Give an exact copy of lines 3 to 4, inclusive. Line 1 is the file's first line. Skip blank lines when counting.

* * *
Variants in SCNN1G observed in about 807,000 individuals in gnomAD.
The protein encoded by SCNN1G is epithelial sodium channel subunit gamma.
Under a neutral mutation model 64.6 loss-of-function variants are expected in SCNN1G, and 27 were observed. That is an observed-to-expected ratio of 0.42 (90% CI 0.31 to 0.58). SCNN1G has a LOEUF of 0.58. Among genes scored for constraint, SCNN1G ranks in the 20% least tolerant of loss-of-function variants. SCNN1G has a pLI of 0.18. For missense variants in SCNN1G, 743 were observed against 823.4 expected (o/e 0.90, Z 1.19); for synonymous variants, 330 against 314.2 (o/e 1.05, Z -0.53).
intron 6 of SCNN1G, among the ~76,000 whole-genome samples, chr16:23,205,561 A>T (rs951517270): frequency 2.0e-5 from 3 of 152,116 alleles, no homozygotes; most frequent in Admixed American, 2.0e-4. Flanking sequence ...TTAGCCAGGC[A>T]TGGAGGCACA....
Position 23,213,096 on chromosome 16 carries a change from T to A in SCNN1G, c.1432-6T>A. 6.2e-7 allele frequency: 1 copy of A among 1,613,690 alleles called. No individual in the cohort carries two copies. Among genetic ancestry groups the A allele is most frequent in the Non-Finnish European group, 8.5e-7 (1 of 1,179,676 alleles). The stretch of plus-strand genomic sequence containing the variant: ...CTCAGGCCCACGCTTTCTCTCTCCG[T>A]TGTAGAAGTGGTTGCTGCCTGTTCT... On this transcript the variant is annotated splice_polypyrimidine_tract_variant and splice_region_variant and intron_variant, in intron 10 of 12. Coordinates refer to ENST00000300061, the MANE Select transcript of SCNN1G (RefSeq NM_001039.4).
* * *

Under a neutral mutation model 64.6 loss-of-function variants are expected in SCNN1G, and 27 were observed. That is an observed-to-expected ratio of 0.42 (90% CI 0.31 to 0.58). SCNN1G has a LOEUF of 0.58. Among genes scored for constraint, SCNN1G ranks in the 20% least tolerant of loss-of-function variants. SCNN1G has a pLI of 0.18. For missense variants in SCNN1G, 743 were observed against 823.4 expected (o/e 0.90, Z 1.19); for synonymous variants, 330 against 314.2 (o/e 1.05, Z -0.53).
intron 6 of SCNN1G, among the ~76,000 whole-genome samples, chr16:23,205,561 A>T (rs951517270): frequency 2.0e-5 from 3 of 152,116 alleles, no homozygotes; most frequent in Admixed American, 2.0e-4. Flanking sequence ...TTAGCCAGGC[A>T]TGGAGGCACA....